Oh, and Derek touched on it briefly, but since he got snubbed by the P-I this morning, consider this our official endorsement of Peter White and Mariners Musings. For my money, Peter’s been the best thing going in the M’s blogosphere for at least five months now, and he’s been extremely entertaining and insightful throughout the offseason. He’s articulate, well-read, and intelligent, but manages to avoid the cliches many sites fall into. While he’ll come to a lot of the same conclusions as other blogs, I always enjoy the way he gets there, and I never feel like I’ve read his stuff elsewhere, while many of the other blogs can run together.
Peter, you the man. Keep up the great work.
I see both sides of the fence in the Soriano argument. Everyone agrees that starters are inherantly more valuable than relievers, and you shouldn’t flippantly convert a starter into a reliever without cause. However, there are cases where it is obviously the right move-Francisco Rodriguez, for instance-and turns an average starter into a dominant force out of the bullpen. While 200 innings are certainly more valuable than 80 innings, I think people have underrated the value of an ace reliever. If you believe Soriano can throw 70-90 high leverage innings and post an ERA below 2.00, that is a tremendous weapon that has alot of value.
Essentially, the question becomes how good of a starter you think he can become. If you feel he’d be no better than average in the rotation, where his lack of a third pitch and stamina could become issues, then he’s more valuable to the team coming out of the pen. However, as Jason notes, 23-year-olds rarely have three major league pitches, and giving up on Soriano as a starter because he looks like a dominant closer today is short-sighted. Good organizations give their players a chance to improve on their weaknesses and develop into something better tommorrow than they are today. The Mariners have consistently focused on the shortcomings of young players, especially pitchers, to the detriment of their development. Soriano may belong in the bullpen, but putting him there permanently because he lacks a change-up at 23 is ignorant.
We’re going to face this exact same dilemma in a year, maybe less (usual caveats about health apply), when Clint Nageotte forces an audition. He also profiles better as a reliever, and will be categorized as a power-arm capable of dominating out of the bullpen. Converting both of your dominant upper-level pitching prospects into relievers, however, is a tremendous waste of resources, especially for one so intent on spending millions on proven closers. If the M’s believe that Nageotte will end up as a reliever in this organization, than it is even greater incentive to keep Soriano as a starter. People can talk about the depth of pitching all they want, and it is a strength of the organization, but this rotation could get ugly in a hurry, and the team can’t afford to be moving prospects to the bullpen while depending on the likes of Ryan Franklin and Gil Meche for 200 innings a year.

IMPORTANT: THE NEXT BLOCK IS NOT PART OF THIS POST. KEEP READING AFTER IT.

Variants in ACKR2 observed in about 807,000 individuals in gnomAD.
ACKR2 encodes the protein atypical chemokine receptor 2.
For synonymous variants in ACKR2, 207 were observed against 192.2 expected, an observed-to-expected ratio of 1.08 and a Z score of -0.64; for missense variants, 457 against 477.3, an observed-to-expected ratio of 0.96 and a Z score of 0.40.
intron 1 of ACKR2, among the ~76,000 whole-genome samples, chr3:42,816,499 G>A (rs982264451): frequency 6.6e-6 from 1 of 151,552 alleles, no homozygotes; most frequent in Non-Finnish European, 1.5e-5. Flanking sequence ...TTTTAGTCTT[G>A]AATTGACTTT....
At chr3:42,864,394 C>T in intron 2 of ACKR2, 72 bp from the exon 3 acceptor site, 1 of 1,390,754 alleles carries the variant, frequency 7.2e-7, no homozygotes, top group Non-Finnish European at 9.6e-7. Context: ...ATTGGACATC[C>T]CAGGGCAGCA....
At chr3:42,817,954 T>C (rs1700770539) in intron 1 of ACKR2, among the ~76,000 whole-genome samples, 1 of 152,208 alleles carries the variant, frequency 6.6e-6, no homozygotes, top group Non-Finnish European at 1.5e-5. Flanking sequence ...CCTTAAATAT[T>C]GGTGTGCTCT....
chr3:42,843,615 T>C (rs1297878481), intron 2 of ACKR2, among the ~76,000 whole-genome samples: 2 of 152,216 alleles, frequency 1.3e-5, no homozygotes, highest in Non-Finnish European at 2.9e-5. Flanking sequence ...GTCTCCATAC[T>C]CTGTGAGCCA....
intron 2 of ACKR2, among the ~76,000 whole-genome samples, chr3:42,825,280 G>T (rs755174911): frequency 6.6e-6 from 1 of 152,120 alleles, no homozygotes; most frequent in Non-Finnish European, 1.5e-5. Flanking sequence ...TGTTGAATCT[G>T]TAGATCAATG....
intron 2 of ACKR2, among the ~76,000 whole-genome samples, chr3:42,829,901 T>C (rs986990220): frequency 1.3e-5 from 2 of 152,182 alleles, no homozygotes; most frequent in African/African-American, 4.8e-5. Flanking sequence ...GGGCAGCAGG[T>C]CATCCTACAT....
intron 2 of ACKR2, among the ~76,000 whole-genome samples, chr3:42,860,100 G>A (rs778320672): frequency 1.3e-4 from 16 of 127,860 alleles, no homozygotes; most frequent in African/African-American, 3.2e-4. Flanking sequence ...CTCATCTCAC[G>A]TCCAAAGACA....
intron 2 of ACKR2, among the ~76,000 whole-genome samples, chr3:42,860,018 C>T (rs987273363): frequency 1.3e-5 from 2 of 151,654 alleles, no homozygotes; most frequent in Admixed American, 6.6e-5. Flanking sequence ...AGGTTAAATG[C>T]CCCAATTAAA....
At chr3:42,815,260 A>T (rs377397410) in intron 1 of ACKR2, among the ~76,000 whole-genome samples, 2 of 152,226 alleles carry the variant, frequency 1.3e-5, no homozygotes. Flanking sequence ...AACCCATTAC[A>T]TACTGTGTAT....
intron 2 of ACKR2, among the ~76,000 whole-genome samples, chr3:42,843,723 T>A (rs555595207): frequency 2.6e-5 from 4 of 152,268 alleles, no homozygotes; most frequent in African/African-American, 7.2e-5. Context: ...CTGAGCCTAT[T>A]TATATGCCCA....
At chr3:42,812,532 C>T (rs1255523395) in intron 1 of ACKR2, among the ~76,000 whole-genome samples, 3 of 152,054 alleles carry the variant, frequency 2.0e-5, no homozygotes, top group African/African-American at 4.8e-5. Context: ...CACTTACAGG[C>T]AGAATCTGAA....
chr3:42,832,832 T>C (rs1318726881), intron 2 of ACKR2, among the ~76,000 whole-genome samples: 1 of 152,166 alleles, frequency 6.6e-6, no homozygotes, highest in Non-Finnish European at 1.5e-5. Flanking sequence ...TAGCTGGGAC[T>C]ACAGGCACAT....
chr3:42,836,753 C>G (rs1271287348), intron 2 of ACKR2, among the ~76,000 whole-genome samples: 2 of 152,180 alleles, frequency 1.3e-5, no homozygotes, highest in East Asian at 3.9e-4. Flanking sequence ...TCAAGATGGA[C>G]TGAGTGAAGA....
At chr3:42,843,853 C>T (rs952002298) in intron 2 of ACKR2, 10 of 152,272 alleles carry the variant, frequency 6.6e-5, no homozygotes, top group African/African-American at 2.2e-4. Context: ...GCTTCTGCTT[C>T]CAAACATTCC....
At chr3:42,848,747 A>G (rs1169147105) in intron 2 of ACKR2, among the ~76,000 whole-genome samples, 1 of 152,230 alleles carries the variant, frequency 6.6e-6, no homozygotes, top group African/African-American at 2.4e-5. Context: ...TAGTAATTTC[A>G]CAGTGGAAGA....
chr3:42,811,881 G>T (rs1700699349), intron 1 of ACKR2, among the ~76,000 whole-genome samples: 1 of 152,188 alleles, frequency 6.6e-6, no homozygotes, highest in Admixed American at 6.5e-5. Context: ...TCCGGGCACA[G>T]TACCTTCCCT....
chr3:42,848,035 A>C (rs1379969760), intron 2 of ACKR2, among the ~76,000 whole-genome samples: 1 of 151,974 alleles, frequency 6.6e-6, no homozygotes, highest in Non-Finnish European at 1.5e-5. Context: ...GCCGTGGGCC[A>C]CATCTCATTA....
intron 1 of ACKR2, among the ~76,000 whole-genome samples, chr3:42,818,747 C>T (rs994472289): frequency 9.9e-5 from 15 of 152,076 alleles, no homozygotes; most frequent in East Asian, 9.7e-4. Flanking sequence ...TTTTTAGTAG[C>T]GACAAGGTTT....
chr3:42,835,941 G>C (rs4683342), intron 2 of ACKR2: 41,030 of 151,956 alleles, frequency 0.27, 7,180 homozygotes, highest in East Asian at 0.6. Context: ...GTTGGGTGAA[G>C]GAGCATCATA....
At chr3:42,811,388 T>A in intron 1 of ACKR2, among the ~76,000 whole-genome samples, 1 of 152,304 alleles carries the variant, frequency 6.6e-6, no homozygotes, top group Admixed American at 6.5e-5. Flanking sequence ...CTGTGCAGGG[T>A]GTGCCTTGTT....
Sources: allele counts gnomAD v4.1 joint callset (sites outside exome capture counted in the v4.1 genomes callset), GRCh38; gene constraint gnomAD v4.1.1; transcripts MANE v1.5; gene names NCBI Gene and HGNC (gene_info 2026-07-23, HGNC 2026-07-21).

Ideally, they would have traded Franklin during the offseason to open up room for Soriano in the rotation, but they’ve made their bed and now have to lie in it. The current roster is best constructed with Soriano as the ace reliever, but that is as much an indictment of the way this roster was shaped as it is a declaration of his viability in the rotation.
I see also (wow, three posts in a row) that the M’s will add Jay Buhner to their Hall of Fame. About freaking time, is all I have to say to that.
Allow me to update my previous post — Soriano is now apparently out three to four weeks with a strained interior oblique muscle on his left side. That earns a big “ouch” from me, both for his injury and the team.
I still think he (Soriano) can start, but maybe that’s just wishful thinking on my part. He’s already got the fastball, and the consensus seems to be that his slider came along quite nicely last season. That gives him two pitches, which obviously isn’t enough to succeed as a starter (at least not for long). That said, how many guys come along at age 23 with much more than even a servicable changeup? Not many. I’d like to see them make his third pitch a focus this year, but I think there’s still plenty of time for him to learn, especially considering he’s not likely to be in the starting rotation when the season starts. It’s too early at this point to give up on him as a starter and commit him exclusively to relief, in my opinion.
Of course, there’s also the news that he’s suffering from some sort of abdominal strain, which means he might fall behind a bit in camp (not that he needs a good camp to win a job, or anything).
Oh, and a hearty “Welcome Aboard!” to anyone finding us today for the first time thanks to Angelo Bruscas’ article in the P-I (featuring our own Derek!). We invite you to take off your coat, have a look around, and stay as long as you like.
Soriano’s made some comments about wanting to become Mariano Rivera. I guess if there’s a reliever to emulate, the multi-inning work of Rivera isn’t so bad, but… if you’re going to dominate, dominate as a starter.
I’ll toss this out to my fellow deckmates here: Does Soriano have the repetoire and requisite strength to take a regular turn in the rotation, or is he destined for relief as many think?
From the rubbing-it-in department: the Pirates signed RF-R Raul Mondesi to a 1-year, $1.5m deal. Though a righty, Mondesi was a far better hitter than Ibanez last year, and cost many millions less to get. The M’s signing of Ibanez to an expensive multi-year deal continues to look like one of the crazier moves of any team this off-season.